The local Vietnamese had a variety of crops, but none were more important than rice. The typhoon (wind and rain) damaged or destroyed many fields that were ready for harvest. Complicating this situation were enemy stockpiles of rice which had also been destroyed by the flood. Typically, the NVA/VC would extort whatever they needed from the locals. However, this natural disaster had caused a temporary slowdown in hostile activities toward us because everyone was regrouping.
Rice was a symbol of national pride. There were images of the annual grain harvest on Vietnamese coins. It represented their culture and agrarian way of life (like our Buffalo Nickel and the Old West).
The situation in the An Hoa Basin begged the questions: Is this conflict a Civil War or a Revolution? Why are we here? Which side is right? The answers from our government were that we needed to honor our treaties and commitments around the world. If Vietnam fell to Communism, it would cause a “Domino Effect,” allowing a chain reaction throughout Asia. We were told there would be a “Blood Bath” if we abandoned the South Vietnamese people, and we believed it.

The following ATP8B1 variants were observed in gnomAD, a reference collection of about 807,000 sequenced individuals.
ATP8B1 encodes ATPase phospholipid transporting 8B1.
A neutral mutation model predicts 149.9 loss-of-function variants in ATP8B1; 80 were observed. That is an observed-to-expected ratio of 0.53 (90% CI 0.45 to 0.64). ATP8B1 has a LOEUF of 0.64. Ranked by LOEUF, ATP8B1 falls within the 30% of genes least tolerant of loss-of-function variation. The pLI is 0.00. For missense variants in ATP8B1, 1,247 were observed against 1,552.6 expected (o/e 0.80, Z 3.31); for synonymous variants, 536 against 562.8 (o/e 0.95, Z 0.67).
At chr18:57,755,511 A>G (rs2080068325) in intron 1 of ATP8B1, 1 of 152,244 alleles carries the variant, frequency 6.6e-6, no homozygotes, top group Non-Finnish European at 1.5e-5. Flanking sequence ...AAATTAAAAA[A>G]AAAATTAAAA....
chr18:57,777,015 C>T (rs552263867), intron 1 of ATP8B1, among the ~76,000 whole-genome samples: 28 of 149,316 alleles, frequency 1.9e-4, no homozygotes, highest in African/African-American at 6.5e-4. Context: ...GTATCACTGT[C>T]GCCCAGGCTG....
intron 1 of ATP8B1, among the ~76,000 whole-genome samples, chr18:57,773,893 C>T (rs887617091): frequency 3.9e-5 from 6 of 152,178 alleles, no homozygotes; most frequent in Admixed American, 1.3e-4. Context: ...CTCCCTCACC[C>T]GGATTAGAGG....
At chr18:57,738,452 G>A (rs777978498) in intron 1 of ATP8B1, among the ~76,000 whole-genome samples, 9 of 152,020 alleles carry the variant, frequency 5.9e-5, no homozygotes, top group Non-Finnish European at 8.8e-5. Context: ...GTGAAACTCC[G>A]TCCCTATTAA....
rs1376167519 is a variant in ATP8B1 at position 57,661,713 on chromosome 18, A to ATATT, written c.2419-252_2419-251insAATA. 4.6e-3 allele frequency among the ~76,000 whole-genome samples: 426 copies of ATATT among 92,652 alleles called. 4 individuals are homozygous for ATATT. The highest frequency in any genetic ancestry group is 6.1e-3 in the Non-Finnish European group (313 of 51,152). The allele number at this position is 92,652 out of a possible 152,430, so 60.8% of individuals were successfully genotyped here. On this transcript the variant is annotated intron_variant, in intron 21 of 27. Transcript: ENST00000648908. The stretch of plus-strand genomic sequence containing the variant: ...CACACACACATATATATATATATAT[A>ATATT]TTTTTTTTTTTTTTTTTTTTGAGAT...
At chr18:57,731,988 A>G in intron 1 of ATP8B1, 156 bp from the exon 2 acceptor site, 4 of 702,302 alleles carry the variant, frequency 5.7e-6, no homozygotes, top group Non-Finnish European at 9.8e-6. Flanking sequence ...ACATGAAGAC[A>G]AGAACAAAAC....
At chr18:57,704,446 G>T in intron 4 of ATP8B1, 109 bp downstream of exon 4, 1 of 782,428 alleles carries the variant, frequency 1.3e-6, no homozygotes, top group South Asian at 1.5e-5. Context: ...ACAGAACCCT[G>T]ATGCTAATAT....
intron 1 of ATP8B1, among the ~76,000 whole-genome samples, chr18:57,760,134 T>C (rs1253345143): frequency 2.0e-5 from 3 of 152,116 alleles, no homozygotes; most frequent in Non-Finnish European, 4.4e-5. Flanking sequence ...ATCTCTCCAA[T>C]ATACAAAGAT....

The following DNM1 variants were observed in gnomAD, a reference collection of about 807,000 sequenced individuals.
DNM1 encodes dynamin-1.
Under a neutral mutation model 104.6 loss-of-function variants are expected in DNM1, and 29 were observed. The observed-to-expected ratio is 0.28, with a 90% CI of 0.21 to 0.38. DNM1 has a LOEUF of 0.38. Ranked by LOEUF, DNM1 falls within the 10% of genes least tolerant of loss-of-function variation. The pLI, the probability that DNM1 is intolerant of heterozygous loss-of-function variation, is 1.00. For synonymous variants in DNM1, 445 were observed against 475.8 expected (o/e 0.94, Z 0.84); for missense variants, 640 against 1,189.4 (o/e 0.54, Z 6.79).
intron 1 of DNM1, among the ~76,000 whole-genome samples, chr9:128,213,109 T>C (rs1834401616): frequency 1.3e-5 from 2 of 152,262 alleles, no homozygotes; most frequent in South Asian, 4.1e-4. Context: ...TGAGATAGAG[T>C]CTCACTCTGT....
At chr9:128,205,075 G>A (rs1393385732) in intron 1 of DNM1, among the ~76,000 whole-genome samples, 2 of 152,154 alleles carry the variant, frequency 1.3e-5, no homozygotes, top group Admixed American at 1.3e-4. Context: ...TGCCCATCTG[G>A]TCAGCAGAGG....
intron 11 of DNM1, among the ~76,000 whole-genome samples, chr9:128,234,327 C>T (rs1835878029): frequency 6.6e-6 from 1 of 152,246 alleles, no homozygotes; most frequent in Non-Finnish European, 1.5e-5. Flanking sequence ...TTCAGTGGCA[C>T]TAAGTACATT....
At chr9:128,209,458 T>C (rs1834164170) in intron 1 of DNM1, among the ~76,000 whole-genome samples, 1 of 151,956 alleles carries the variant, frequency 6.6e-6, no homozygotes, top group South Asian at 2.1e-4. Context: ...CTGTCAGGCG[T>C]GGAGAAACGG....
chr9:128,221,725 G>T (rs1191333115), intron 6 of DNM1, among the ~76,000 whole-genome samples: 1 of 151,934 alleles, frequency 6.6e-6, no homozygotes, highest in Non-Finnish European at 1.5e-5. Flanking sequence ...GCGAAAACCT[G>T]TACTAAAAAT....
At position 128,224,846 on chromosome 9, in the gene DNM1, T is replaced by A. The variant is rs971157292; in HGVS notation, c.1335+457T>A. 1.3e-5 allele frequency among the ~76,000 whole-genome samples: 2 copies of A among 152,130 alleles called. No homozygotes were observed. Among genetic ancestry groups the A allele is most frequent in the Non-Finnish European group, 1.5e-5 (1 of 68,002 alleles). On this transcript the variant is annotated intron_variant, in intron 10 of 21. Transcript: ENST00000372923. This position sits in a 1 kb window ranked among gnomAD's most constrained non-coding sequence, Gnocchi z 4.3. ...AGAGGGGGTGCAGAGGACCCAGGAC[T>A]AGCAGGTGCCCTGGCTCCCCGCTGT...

The rice in the fields after the typhoon needed to be harvested quickly or it would rot. We could see the light-colored bundles piled on the paddy dykes to dry. Larger embankments or levees were cluttered with the soggy crop. There were lines of women carrying these wet bundles and salvaging whatever they could to survive.